Stormwater Pumps

While many of us may like watching or listening to a good storm. What we don’t tend to enjoy as much is the possibility of the potential flooding a storm can bring. This can occur in our residential streets, main thoroughfares, highways, or even parks and buildings. Thankfully we have stormwater pumps to help alleviate the pressures of flooding to our urban environment.

Ideally if we could avoid the use of stormwater pumps we would. But we can’t always rely on gravity to be able to complete the job. This can be due to not having enough gradient in the land to allow gravity to be able to flow towards the municipal system. This is why we need stormwater pumps. As they are able to provide a vital solution for being able to deal with the problem of stormwater drainage.

What is a stormwater pump, and how does it work

Simply put a stormwater pump sits at the bottom of a submerged tank, where stormwater runoff is gathered. Once an adequate amount of water is collected in the tank the pump will activate. Then pumping the stormwater  to a predetermined area, where either gravity  can take charge again, or where it may be legally discharged.

One of the greatest benefits of the use of the stormwater pumps is preventing water from pooling in areas, where it can cause minor or major flooding, as well as doing serious damage to surfaces such as car parks, gardens, parks, flooring, etc. Depending on where you require the stormwater pump station to be located, and how much rainfall that area is expected to receive, will largely determine the size of the storage tank you will require, along with the size of the pump, which can change form single or dual motors, to varying controls and alarms.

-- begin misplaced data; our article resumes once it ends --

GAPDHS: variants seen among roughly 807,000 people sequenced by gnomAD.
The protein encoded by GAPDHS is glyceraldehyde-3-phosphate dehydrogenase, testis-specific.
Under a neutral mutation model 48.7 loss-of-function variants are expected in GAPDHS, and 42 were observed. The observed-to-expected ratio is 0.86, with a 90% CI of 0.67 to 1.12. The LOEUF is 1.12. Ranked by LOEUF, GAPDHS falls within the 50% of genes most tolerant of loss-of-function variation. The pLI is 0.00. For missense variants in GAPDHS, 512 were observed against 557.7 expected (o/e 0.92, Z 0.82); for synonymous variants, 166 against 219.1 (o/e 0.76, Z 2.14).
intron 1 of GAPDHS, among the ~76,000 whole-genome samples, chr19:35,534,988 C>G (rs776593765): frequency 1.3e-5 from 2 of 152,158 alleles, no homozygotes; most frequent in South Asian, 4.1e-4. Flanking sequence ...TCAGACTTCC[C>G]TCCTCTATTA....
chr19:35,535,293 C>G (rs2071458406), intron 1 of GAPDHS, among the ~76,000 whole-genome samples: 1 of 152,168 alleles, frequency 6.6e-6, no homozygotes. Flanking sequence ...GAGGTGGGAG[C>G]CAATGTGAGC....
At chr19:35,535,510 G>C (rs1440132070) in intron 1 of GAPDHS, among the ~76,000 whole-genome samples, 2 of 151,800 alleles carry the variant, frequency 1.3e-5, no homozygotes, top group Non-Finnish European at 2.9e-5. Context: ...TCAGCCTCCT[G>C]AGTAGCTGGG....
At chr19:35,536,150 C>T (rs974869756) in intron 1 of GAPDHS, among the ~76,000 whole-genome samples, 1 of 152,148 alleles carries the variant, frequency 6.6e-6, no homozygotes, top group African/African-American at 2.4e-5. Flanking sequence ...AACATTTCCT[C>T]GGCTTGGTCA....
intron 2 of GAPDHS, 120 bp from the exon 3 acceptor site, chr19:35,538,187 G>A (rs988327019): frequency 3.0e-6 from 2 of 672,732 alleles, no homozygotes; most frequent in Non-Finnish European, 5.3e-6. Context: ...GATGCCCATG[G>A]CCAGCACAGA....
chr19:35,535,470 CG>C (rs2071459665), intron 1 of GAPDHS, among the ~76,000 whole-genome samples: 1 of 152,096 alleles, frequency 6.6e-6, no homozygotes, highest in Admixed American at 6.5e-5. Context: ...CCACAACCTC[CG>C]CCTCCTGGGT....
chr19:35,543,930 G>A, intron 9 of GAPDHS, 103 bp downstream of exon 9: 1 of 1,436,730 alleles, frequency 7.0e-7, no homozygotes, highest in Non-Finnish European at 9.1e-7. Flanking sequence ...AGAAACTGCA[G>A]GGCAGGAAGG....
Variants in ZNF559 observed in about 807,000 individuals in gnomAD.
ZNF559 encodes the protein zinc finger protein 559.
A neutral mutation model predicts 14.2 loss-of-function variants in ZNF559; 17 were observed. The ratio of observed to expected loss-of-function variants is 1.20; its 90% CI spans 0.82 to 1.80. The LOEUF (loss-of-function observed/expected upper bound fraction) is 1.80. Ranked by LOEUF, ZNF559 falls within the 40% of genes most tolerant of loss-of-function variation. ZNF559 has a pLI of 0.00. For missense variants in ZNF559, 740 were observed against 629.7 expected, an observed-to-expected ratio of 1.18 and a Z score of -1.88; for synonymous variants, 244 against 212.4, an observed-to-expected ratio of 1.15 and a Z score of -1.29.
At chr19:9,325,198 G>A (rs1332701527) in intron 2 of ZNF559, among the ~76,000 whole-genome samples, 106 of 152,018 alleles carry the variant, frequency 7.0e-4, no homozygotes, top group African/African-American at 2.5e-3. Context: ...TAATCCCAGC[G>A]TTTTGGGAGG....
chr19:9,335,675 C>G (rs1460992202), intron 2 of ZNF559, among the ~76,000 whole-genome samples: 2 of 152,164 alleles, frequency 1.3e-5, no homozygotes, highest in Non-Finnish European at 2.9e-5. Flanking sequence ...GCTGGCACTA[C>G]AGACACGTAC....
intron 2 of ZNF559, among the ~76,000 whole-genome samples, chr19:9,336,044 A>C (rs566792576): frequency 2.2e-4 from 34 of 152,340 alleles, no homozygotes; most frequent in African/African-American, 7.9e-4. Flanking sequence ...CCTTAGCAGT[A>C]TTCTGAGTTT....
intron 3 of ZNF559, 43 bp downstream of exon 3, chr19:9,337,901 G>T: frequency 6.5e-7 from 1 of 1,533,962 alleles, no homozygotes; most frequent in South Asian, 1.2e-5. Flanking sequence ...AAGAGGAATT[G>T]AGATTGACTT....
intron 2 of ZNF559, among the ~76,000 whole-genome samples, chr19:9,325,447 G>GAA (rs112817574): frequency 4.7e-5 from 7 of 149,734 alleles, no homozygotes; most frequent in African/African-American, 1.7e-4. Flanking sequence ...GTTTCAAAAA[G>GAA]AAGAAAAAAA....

The importance of ensuring you are using the correct equipment for the location the stormwater pump station is situated in is vital. As if you choose a tank or pump size that is too small for your needs, then you run the risk of causing flooding or damages to surrounding properties. Or burning out the motors on the pump or causing structural damage to the pump.

Some other factors to keep in mind for helping to choose the right stormwater pump station are; the distance from the stormwater discharge point. As the further away it is, the greater the power needed will be. Which will also alter the size of the motors, pumps and piping required.

While stormwater pump stations that are larger than 900 litres come as standard with two pumps. Again depending on the location of  the station, it may be worth having two pumps for stormwater pump stations that are smaller than 900 litres. As if it is at a remote location and one pump happens to fail, the second pump will be able to start, thus removing the potential for flooding to occur while maintenance can be conducted on the first pump.

If you do need any more information on which pump will best suit your needs, you can also contact our experience and professional team at Pumps2You